“You’re Still In These Crazy Arms of Mine” was written by Lee Bach, Larry Mercey and Dave Lindsey. The title references what was on the jukebox the first time the narrator met his love. The song has a nice Texas shuffle arrangement (the song references the Ray Price classic “Crazy Arms” and mentions taking out Ray’s old records). Again, this is another song that would have made a good single in bygone years.

“The Way It Was in ‘51” was written by Merle Haggard and was the title track for one of the Hag’s great albums and was the B-side of Hag’s “The Roots of My Raising”.

Sixty-Six was still a narrow two-lane highway
Harry Truman was the man who ran the show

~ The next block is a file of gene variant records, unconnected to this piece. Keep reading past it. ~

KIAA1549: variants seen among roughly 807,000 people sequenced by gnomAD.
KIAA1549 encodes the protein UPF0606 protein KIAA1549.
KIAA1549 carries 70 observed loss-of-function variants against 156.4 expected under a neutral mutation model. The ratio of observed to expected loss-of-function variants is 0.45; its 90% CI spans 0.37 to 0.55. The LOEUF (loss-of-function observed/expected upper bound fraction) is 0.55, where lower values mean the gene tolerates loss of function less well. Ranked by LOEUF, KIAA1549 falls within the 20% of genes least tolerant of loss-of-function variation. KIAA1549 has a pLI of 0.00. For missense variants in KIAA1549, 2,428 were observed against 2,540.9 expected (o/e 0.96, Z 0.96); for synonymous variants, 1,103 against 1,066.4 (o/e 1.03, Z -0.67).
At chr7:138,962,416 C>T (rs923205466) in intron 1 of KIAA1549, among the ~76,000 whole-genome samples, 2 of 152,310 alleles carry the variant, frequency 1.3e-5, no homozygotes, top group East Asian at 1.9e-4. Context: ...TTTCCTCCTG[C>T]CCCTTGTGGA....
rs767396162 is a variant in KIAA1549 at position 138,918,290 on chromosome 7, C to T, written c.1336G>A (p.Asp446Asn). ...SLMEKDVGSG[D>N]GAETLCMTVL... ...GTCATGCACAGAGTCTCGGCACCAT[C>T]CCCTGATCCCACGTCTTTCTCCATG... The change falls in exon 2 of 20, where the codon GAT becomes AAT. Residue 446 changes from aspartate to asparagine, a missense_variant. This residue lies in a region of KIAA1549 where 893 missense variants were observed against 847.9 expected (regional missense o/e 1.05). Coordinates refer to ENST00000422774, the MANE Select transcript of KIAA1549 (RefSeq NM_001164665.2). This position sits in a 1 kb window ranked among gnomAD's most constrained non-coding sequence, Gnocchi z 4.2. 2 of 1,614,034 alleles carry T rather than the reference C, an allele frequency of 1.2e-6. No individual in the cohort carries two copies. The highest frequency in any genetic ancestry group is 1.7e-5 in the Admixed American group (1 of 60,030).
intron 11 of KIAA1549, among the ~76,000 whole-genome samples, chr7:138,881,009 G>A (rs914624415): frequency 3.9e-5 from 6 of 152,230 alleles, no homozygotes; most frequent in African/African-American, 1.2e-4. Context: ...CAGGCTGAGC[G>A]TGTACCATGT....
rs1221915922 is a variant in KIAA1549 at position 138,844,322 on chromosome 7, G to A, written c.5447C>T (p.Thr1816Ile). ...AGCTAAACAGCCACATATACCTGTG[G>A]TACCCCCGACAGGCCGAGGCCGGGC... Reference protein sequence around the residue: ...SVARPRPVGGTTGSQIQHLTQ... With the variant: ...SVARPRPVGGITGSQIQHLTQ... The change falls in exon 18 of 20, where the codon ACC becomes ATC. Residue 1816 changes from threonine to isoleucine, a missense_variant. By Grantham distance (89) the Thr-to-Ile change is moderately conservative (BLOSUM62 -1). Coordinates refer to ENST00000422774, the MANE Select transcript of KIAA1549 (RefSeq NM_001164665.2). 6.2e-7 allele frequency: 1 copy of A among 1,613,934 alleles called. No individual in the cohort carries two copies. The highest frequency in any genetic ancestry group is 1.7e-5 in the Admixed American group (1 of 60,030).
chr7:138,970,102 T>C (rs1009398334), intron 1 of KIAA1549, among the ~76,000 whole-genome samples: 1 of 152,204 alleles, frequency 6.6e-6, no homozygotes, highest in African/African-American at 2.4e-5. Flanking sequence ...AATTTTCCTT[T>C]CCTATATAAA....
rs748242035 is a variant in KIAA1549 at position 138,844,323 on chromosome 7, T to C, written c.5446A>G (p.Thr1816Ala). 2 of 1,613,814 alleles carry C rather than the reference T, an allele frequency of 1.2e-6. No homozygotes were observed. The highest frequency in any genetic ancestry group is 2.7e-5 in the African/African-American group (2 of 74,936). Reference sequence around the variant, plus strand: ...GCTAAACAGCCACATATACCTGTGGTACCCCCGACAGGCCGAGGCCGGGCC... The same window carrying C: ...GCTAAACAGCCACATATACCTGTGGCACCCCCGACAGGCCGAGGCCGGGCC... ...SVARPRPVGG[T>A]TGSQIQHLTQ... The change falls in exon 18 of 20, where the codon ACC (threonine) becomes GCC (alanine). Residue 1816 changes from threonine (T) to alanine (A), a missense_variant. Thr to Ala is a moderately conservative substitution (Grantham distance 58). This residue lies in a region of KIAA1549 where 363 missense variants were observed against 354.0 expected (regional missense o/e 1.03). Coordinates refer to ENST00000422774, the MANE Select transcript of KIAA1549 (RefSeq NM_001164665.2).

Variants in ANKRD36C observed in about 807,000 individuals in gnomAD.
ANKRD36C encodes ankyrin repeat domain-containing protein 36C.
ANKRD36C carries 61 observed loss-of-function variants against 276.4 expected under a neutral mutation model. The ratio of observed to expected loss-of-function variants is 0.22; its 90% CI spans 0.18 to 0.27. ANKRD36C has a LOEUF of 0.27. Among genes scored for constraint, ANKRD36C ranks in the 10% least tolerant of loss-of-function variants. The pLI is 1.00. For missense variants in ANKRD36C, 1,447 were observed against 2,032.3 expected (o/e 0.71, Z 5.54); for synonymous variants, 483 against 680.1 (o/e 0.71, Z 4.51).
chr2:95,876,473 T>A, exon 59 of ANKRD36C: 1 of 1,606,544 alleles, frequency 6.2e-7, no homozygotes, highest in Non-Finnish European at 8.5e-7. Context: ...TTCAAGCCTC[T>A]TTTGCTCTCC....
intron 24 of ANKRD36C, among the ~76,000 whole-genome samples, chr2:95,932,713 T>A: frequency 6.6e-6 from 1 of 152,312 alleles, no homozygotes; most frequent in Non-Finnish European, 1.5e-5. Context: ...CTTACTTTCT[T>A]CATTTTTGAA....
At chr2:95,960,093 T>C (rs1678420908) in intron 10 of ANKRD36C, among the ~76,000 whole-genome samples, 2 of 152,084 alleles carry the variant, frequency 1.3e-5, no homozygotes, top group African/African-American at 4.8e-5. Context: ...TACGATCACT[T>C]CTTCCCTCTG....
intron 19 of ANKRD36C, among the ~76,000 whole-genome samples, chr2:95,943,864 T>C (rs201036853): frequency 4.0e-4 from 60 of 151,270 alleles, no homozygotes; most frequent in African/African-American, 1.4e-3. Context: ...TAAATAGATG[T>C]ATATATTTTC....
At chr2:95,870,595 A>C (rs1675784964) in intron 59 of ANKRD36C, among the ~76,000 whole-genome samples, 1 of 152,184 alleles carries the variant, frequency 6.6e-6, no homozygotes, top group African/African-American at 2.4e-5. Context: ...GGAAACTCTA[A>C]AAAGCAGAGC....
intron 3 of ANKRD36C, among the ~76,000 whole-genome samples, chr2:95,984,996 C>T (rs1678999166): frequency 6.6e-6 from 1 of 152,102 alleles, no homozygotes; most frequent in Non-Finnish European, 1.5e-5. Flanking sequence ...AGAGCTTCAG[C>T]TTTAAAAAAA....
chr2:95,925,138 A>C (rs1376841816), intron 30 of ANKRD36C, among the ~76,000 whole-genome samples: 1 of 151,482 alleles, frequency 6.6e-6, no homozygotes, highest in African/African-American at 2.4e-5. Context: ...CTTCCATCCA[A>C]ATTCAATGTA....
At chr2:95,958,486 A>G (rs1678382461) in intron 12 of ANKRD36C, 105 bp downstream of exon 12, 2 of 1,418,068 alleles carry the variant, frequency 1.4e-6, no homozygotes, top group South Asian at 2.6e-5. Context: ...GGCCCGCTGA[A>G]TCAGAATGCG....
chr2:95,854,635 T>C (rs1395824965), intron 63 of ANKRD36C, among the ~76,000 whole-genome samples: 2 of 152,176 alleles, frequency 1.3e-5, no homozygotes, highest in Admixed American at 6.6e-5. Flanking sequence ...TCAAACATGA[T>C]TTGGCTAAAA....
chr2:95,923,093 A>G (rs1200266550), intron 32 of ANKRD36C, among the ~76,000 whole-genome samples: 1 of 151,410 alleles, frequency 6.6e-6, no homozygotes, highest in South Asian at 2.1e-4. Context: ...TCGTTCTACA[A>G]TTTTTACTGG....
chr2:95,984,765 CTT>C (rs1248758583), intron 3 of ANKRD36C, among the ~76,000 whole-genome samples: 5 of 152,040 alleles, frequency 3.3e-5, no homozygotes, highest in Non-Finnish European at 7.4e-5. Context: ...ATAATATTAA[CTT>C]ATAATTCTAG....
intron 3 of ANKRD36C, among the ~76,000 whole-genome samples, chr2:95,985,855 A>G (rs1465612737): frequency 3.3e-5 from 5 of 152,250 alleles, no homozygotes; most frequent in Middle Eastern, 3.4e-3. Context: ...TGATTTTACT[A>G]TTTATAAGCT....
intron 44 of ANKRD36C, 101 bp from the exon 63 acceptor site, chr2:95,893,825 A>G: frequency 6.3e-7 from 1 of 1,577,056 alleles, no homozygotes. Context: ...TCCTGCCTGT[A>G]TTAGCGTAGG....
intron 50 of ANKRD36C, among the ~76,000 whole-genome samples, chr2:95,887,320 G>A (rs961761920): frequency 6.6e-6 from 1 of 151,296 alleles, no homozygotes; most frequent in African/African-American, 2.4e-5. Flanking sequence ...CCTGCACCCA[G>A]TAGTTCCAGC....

The bad Korean War was just beginning
And I was just three years too young to go

Country music hadn’t gone to New York City yet
And a service man was proud of what he’d done
Hank and Lefty crowded every jukebox
That’s the way it was in fifty one

“Lee Bach” wrote “I Just Can’t Stop Missing You”, a nice ballad that makes for a good album track but wouldn’t ever have been considered for a single. This song apparently has keyboards mimicking the sound of strings giving it more of a Nashville Sound production than the other tracks on the album.

“Whispering Bill” Anderson wrote “You Lied To Me” a song that I don’t think he ever recorded, but Tracy Byrd recorded it on his 1995 album Love Lessons. Charley does a bang up job with the song

You looked at me as only you can look at me
You touched my cheek and told me not to cry
But you said you’d found somebody you loved more than me
And you told me I’d forget you by and by

But you lied to me, yes you lied to me
You said time would close the wound that bled inside of me